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DVD & Digital

DVD review: Elysium


After the success of District 9, advert-maker turned filmmaker Neill Blomkamp is back with sci-fi action thriller ‘Elysium’, starring Matt Damon and Jodie Foster. Set over a century in the future, or 2154 to be precise, Earth is a diseased and overpopulated wasteland. The rich and fabulous have upped and left to a new planet which resembles a halo in the sky called Elysium with strict regulations and a med bay in every beautiful home, healing inhabitants of any illness or injury. Max Da Costa (Damon) is a former car thief gone straight working in a droid manufacturing plant within the ruins of Los Angeles. After an industrial accident exposes him to a lethal dose of radiation, leaving him with just five days to live, he is forced to come up with a plan of action to reach Elysium to cure himself, bringing him up against the severe Elysian Secretary of Defence, Jessica Delacourt (Foster) who will stop at nothing to prevent this.

Although set in a science fiction environment, it can be argued that Elysium represents an exaggeration of the state of the world in the present day, highlighting the class system and the gaping divides between the lifestyles of the rich and poor. Director Blomkamp has spoken about this viewpoint, stating that the film is less of a prediction of the future and more an ‘allegory about wealth discrepancy’. It is refreshing to see a cinematic tackle on such current issues, and it has been done exceptionally by a relatively inexperienced filmmaker. To explore an idea in a unique way, building from a strong opening and developing the plot impressively, there is a lot to admire here and the fight sequences towards the end are colossal, particularly between Max and Delacourt’s sadistic mercenary Kruger, who is an effective villain, brilliantly portrayed by Sharlto Copley who starred in the aforementioned District 9. His wicked exterior and thick South African accent make him one of the most watchable baddies of the year so far. The commercial background is clear in the striking aesthetics of the picture, taking notable influence from previous sci-fi blockbusters, Damon appearing a cool but twisted modern interpretation of Terminator after being fitted with a body brace known as an exoskeleton to increase his strength. With so much focus towards the visuals, which are worthy of seeing on the big screen, the script falters a little with the dialogue coming across stilted occasionally, though this is a minor criticism within so many positives.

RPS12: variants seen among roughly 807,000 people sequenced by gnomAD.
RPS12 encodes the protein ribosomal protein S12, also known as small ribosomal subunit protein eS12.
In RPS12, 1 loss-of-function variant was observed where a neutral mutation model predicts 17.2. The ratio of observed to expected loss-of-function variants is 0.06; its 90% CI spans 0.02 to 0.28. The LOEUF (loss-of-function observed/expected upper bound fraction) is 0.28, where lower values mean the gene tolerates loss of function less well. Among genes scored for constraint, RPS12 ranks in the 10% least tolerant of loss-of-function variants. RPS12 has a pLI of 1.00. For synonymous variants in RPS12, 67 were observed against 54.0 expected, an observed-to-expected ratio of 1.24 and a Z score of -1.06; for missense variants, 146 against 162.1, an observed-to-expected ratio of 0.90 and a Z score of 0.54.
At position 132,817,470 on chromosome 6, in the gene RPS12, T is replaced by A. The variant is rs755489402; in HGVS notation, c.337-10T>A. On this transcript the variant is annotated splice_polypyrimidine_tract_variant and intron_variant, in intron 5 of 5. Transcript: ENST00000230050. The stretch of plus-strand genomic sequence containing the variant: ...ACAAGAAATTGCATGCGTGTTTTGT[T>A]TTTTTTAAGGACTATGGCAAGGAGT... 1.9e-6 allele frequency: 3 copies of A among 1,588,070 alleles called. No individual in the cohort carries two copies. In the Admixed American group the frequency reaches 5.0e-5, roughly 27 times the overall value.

Matt Damon is sublime in the lead role, and has won me over with what I would boldly claim is one of the best performances of his career. I was yet to be convinced of his star quality, putting his Bourne trilogy down as a poor mans Bond, and I remain unmoved by the majority of his work. I’ve never quite been able to root for him until now, and surprisingly found myself on the edge of my seat, egging him on in the final showdown as if it was a Rocky Balboa bout. His everyman attitude worked perfectly for the role, and the relationship with childhood friend Frey (Alice Braga) was touching and believable. Jodie Foster has a return to form as the cold power hungry Delacourt, a role that feels as though it could have been written for Foster’s ice queen demeanour. I should mention Wagner Moura who is an exciting presence as gangster hacker Spider who tries to illegally smuggle people from Earth up to the haven of immortality, and who Max looks to for help in his time of need. William Fichtner and Diego Luna also make an impact in their smaller supporting roles.

In bringing his bold theories to the big screen in exceptional fashion, could Blomkamp be an auteur in the making? He certainly has an eye for design as the picture is magnificently pleasing on the eye, and he appears to know how to get the best out of his stars. Whether that is due to enforcing his vision or letting them get on with it, I am not so sure but either way he has managed to create a Matt Damon character that I got on board with so I am grateful for that if nothing else. With stunning CGI, an interesting premise and a menacing villain on top, ‘Elysium’ was without a doubt my blockbuster of summer 2013.